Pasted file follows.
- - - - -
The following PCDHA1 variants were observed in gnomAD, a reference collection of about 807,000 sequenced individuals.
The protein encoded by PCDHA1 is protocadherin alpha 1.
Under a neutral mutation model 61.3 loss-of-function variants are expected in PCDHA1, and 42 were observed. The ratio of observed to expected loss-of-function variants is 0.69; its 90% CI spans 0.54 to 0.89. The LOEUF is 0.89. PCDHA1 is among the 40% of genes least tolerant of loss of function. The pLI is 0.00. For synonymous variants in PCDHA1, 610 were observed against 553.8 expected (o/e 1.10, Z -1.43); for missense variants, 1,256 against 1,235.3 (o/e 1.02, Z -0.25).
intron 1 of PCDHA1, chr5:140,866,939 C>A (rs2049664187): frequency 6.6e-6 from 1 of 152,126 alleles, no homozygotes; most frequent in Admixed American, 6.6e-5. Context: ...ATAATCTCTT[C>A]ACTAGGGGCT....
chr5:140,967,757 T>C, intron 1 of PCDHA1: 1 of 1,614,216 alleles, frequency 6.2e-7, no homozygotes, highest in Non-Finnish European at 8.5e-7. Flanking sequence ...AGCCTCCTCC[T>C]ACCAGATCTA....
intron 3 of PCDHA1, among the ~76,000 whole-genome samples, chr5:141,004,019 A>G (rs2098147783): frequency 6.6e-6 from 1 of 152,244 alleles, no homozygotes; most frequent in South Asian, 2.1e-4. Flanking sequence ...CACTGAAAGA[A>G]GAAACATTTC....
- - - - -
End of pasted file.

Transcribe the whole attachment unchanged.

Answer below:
The following PCDHA1 variants were observed in gnomAD, a reference collection of about 807,000 sequenced individuals.
The protein encoded by PCDHA1 is protocadherin alpha 1.
Under a neutral mutation model 61.3 loss-of-function variants are expected in PCDHA1, and 42 were observed. The ratio of observed to expected loss-of-function variants is 0.69; its 90% CI spans 0.54 to 0.89. The LOEUF is 0.89. PCDHA1 is among the 40% of genes least tolerant of loss of function. The pLI is 0.00. For synonymous variants in PCDHA1, 610 were observed against 553.8 expected (o/e 1.10, Z -1.43); for missense variants, 1,256 against 1,235.3 (o/e 1.02, Z -0.25).
intron 1 of PCDHA1, chr5:140,866,939 C>A (rs2049664187): frequency 6.6e-6 from 1 of 152,126 alleles, no homozygotes; most frequent in Admixed American, 6.6e-5. Context: ...ATAATCTCTT[C>A]ACTAGGGGCT....
chr5:140,967,757 T>C, intron 1 of PCDHA1: 1 of 1,614,216 alleles, frequency 6.2e-7, no homozygotes, highest in Non-Finnish European at 8.5e-7. Flanking sequence ...AGCCTCCTCC[T>C]ACCAGATCTA....
intron 3 of PCDHA1, among the ~76,000 whole-genome samples, chr5:141,004,019 A>G (rs2098147783): frequency 6.6e-6 from 1 of 152,244 alleles, no homozygotes; most frequent in South Asian, 2.1e-4. Flanking sequence ...CACTGAAAGA[A>G]GAAACATTTC....